States Of Metal: Utah’s Religious Backdrop Breeds Faith In Heavy Music
Each month, Kerrang! examines the history and current scene of one of the 50 United States in order to better understand the American landscape united under metal. These are the States of Metal.
And while you’re reading, listen along to our States Of Metal playlist, featuring killer tracks from each state we feature. Scroll through to listen to music from Arizona and all of the states we’ve profiled in the past:
Mention Utah to someone, and the first thing that will come to their mind is almost certainly the Church of Jesus Christ of Latter-day Saints, better known as Mormonism. And there’s a good reason for that — over 60% of Utah’s population is Mormon, and the church is heavily represented in the state’s laws. Beer in Utah is only half as alcoholic as it is elsewhere, and alcohol can’t be purchased on Sundays. The bone-deep presence of this restrictive American religious doctrine has fed into an image of Utah residents as white-bread church-going fuddy-duddies, who practice good clean living and dedicate their lives to the idea that Christ walked in America.
It makes sense, then, that many of Utah’s metal and hardcore fans make music to rebel against a faith-based world imposed on them, similar to how the pioneers of black metal’s second wave lashed out at the boring, state-sponsored Christianity of Norway in the ‘90s. But Utah is more than just a Mormon colony — the state is home to both major tourist hubs, like Salt Lake City and Park City, and vast areas of mountainous wilderness. This mixture of natural splendor and stifling spiritual influence inspires a drive for musical innovation and a loyalty to the state’s scene that’s more diehard and pure than any belief in the divine.
“What I associate [Utah] with, and what I’m really inspired by, are the mountains,” says Jake Rogers, vocalist for Salt Lake City metal act Visigoth. Though their 2018 release, Conqueror’s Oath, blew up in the metal underground last year, Visigoth are a traditional heavy metal band, taking their cues from classic NWOBHM and latter-day Bathory. Jake relates this over-the-top approach to being surrounded by his home state’s untamed outdoors.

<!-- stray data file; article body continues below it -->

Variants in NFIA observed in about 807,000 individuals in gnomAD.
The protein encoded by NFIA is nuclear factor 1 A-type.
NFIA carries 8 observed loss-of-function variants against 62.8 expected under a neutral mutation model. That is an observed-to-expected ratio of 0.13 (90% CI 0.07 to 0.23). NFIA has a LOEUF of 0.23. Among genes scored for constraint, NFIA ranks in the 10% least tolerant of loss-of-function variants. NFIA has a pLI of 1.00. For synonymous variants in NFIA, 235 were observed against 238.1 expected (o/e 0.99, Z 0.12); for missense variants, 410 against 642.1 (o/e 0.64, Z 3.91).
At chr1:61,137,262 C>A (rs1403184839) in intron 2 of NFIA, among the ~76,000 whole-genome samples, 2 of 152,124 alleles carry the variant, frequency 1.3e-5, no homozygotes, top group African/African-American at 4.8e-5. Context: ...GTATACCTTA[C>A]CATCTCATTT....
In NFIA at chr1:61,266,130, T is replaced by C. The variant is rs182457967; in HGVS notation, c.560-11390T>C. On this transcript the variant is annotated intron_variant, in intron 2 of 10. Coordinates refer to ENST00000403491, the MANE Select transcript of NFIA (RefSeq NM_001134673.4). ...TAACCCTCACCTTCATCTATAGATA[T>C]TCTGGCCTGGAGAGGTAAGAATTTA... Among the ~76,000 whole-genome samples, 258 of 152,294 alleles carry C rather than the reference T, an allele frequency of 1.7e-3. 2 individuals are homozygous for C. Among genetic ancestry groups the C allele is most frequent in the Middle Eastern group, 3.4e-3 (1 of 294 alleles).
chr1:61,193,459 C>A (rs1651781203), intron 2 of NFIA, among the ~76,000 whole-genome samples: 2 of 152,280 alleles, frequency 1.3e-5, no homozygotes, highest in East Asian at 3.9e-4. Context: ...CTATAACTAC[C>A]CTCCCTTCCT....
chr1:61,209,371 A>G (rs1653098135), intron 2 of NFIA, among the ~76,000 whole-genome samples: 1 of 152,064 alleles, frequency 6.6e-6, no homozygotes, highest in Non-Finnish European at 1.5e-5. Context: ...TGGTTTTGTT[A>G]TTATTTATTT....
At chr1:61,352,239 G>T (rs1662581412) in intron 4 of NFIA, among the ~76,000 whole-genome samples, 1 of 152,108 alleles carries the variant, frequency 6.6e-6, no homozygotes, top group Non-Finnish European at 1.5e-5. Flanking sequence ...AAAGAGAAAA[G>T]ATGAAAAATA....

“We’re nestled right in these absolutely spectacular, jagged, monolithic stone edifices that are just constant sentinels over this city,” says Jake. “The majesty that this imparts…has always been very, very important to me. I come up with a lot of the ideas I want to do musically when I’m out in the mountains. It imparts a bit of the — and I know this is the most overused word in metal, but — the more epic sounds in our songs. I get those feelings from this kind of landscape.”
Jake’s been an active part of Salt Lake City’s heavy metal scene for some time, making waves in the late 2000’s with his one-man black metal act Gallowbraid (“I’m not sure how Gallowbraid even blew up — I was 15 when I wrote that,” he laughs with an almost audible head-shake) shortly before starting Visigoth in 2010. But rather than rail against religion, Jake is quick to point out that Salt Lake City is a diverse metropolitan hub with a metal scene to match.
“One thing I really like about the Salt Lake metal scene is that it’s relatively small for how large the city is,” he says. “We’re kind fo the only band who does traditional heavy metal here, so we end up playing a lot of local shows with extreme metal bands”
Jake goes on to say that while the Mormon influence on Utah is visible, it doesn’t define Visigoth entirely. “I think people exaggerate how much the Mormon presence affects their day-to-day life. But I, of course, have the privilege of being able to say this, being a straight white guy living here…The way it affects me most directly is that I can’t buy cold beer at a liquor store.